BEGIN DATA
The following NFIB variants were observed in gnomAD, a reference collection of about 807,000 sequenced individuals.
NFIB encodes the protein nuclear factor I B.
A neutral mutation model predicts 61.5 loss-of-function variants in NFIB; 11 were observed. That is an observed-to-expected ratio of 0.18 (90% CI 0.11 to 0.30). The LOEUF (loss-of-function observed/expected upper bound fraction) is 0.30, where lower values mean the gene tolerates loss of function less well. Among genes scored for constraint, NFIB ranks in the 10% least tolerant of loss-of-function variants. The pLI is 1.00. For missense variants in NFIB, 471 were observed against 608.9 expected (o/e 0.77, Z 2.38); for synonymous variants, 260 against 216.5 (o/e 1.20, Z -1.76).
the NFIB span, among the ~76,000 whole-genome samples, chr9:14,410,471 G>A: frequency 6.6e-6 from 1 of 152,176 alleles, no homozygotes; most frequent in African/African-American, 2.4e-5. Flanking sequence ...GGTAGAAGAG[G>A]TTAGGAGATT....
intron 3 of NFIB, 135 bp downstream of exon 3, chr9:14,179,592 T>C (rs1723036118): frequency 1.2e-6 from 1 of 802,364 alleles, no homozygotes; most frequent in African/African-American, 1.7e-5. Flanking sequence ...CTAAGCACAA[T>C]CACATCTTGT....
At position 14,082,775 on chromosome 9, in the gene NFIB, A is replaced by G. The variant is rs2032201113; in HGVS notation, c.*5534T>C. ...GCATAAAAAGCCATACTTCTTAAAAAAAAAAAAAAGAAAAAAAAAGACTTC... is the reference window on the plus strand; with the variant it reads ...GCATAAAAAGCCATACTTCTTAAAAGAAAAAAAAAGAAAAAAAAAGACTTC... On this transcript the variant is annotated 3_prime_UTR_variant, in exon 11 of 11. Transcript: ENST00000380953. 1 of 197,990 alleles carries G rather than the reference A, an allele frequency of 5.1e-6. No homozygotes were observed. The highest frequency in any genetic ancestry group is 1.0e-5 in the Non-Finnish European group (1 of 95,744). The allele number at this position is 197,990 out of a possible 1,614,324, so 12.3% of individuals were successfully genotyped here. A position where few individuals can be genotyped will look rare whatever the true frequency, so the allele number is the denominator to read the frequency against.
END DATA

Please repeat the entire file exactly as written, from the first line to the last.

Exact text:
The following NFIB variants were observed in gnomAD, a reference collection of about 807,000 sequenced individuals.
NFIB encodes the protein nuclear factor I B.
A neutral mutation model predicts 61.5 loss-of-function variants in NFIB; 11 were observed. That is an observed-to-expected ratio of 0.18 (90% CI 0.11 to 0.30). The LOEUF (loss-of-function observed/expected upper bound fraction) is 0.30, where lower values mean the gene tolerates loss of function less well. Among genes scored for constraint, NFIB ranks in the 10% least tolerant of loss-of-function variants. The pLI is 1.00. For missense variants in NFIB, 471 were observed against 608.9 expected (o/e 0.77, Z 2.38); for synonymous variants, 260 against 216.5 (o/e 1.20, Z -1.76).
the NFIB span, among the ~76,000 whole-genome samples, chr9:14,410,471 G>A: frequency 6.6e-6 from 1 of 152,176 alleles, no homozygotes; most frequent in African/African-American, 2.4e-5. Flanking sequence ...GGTAGAAGAG[G>A]TTAGGAGATT....
intron 3 of NFIB, 135 bp downstream of exon 3, chr9:14,179,592 T>C (rs1723036118): frequency 1.2e-6 from 1 of 802,364 alleles, no homozygotes; most frequent in African/African-American, 1.7e-5. Flanking sequence ...CTAAGCACAA[T>C]CACATCTTGT....
At position 14,082,775 on chromosome 9, in the gene NFIB, A is replaced by G. The variant is rs2032201113; in HGVS notation, c.*5534T>C. ...GCATAAAAAGCCATACTTCTTAAAAAAAAAAAAAAGAAAAAAAAAGACTTC... is the reference window on the plus strand; with the variant it reads ...GCATAAAAAGCCATACTTCTTAAAAGAAAAAAAAAGAAAAAAAAAGACTTC... On this transcript the variant is annotated 3_prime_UTR_variant, in exon 11 of 11. Transcript: ENST00000380953. 1 of 197,990 alleles carries G rather than the reference A, an allele frequency of 5.1e-6. No homozygotes were observed. The highest frequency in any genetic ancestry group is 1.0e-5 in the Non-Finnish European group (1 of 95,744). The allele number at this position is 197,990 out of a possible 1,614,324, so 12.3% of individuals were successfully genotyped here. A position where few individuals can be genotyped will look rare whatever the true frequency, so the allele number is the denominator to read the frequency against.